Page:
Stephen Miller roiling nation with back-channel immigration meetings

06/26/2018 10:20 PM EDT
Updated 06/27/2018 07:54 AM ED

For the past two months, a handful of immigration hawks from across the government have assembled in Stephen Miller’s West Wing office on a weekly basis to chart the course of the Trump administration’s immigration policy.

Led by Miller, President Donald Trump’s senior policy adviser and the architect of his hard-line approach to immigration, the meetings have replaced the usual interagency process involving key agency officials and remained largely out of view to the rest of the administration.

The gatherings, described by a half-dozen administration officials and Republicans close to the administration, have taken shape over time, from loosely structured meetings and conference calls among like-minded officials early in the administration to more formal meetings in recent months. And they have produced the president’s two most controversial policies — the January 2017 travel ban, which the Supreme Court let stand Tuesday, and the more recent decision to send adults caught crossing the border illegally for criminal prosecution, which resulted in thousands of children being separated from their parents and warehoused in government shelters.

The secretive nature of the effort was born of Miller’s assumption that hostile bureaucrats would try to undermine the administration’s aggressive policies before they got off the ground, by leaking to the news media or pushing alternative proposals to senior officials.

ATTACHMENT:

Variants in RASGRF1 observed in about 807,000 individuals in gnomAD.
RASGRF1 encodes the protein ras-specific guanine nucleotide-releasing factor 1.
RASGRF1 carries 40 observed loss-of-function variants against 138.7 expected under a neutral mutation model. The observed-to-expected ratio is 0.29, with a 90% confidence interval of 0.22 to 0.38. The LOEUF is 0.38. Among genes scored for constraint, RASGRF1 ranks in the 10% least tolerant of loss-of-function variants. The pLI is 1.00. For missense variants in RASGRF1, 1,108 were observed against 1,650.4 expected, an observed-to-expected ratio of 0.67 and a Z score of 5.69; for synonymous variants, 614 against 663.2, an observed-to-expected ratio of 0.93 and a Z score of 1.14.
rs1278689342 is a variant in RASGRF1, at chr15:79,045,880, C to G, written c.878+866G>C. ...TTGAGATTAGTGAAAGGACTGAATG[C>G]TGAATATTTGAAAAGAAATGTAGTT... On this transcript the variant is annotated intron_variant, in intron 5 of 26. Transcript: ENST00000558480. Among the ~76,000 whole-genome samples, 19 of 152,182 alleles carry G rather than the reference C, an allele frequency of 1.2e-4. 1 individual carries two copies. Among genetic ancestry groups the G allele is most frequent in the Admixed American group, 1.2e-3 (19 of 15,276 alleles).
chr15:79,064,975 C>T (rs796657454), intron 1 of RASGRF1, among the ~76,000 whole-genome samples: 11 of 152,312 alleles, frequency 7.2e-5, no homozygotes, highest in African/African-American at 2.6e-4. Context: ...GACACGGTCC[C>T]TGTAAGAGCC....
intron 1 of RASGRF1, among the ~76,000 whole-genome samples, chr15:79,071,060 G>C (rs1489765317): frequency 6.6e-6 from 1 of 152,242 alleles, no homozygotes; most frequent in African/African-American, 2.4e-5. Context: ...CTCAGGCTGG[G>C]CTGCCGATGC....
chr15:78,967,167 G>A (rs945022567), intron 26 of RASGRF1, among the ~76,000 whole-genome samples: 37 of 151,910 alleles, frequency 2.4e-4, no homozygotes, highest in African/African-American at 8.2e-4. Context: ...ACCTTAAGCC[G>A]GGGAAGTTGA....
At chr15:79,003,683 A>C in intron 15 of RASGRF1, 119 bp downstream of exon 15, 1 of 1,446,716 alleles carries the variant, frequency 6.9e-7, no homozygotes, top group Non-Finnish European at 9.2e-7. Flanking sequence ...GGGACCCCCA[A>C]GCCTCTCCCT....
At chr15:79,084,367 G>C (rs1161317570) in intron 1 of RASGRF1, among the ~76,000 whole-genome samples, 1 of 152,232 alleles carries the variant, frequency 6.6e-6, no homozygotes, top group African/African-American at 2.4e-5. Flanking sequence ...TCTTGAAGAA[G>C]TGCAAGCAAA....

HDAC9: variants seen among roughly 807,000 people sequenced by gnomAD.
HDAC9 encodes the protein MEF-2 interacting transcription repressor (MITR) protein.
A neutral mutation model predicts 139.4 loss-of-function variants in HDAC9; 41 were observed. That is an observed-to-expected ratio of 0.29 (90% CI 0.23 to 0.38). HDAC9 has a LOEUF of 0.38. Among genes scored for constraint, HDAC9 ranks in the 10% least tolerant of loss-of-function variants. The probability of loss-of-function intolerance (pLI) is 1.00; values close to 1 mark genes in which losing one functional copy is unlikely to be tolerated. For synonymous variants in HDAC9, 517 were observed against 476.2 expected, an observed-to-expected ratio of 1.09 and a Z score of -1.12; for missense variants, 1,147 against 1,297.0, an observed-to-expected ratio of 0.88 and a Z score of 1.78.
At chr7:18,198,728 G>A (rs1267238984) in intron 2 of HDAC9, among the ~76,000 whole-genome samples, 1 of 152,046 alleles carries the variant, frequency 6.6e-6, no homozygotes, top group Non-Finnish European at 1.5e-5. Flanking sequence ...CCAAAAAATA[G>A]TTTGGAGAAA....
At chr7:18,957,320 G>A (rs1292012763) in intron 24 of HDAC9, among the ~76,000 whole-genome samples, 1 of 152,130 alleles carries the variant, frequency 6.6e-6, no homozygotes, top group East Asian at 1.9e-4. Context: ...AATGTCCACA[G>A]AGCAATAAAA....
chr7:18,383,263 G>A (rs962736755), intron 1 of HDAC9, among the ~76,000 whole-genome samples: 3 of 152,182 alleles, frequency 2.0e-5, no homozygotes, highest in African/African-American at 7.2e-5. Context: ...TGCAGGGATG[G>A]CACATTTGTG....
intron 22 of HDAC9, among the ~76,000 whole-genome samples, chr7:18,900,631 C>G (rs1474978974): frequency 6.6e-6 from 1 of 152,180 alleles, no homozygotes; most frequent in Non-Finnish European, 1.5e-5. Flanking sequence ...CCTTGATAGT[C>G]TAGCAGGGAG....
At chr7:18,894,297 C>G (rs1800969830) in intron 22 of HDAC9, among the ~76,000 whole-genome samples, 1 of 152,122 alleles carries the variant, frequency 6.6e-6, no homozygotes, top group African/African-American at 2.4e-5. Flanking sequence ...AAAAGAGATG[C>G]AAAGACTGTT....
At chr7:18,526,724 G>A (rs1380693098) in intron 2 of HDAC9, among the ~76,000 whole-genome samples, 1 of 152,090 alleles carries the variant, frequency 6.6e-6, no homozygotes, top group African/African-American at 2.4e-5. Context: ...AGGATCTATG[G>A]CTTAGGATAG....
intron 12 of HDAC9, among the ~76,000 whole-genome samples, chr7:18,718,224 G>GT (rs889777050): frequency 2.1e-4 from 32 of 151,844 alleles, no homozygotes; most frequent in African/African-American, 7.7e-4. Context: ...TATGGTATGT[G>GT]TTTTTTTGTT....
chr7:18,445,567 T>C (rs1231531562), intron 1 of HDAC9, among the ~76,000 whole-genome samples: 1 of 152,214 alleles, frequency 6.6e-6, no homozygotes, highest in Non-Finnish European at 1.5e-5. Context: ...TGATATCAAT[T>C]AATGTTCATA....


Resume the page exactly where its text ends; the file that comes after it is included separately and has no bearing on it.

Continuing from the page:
But the opacity has had a ripple effect throughout the administration, causing consternation and confusion within the government agencies that have to carry out the policies. Without an organized policy and communications strategy integrating the input of key agencies, senior administration officials have been caught unaware by major policy announcements, and confusion has ensued about how to carry them out, according to administration officials and outside advisers who support Trump’s immigration agenda.

“You can’t implement big policies from the White House without working with the agencies that are going to be carrying it out,” said Mark Krikorian, executive director of the Center for Immigration Studies and a leading immigration hawk. “You’ve got to make the case and persuade people before you do some big significant thing.”

That confusion dates back to the announcement in January 2017 of the initial travel ban, which caught senior administration officials, including John Kelly, then the secretary of homeland security, by surprise. Miller told associates at the time that he had worked with a handful of loyal associates, including Steve Bannon, then Trump’s chief strategist, outside the traditional system because of a sluggish bureaucracy that was incapable of producing the sorts of radical changes he had envisioned as Jeff Sessions’ right hand in Congress.

Together, Miller and Bannon favored an approach that would “shock and awe” the federal government and the American people, avoiding the legislative process and instead leaning on executive orders Trump could sign himself.

The initial travel ban was struck down in federal court, a result of the hasty process by which it was produced. The version the Supreme Court upheld Tuesday was a revised version of the ban, handing Trump one of his most significant policy victories.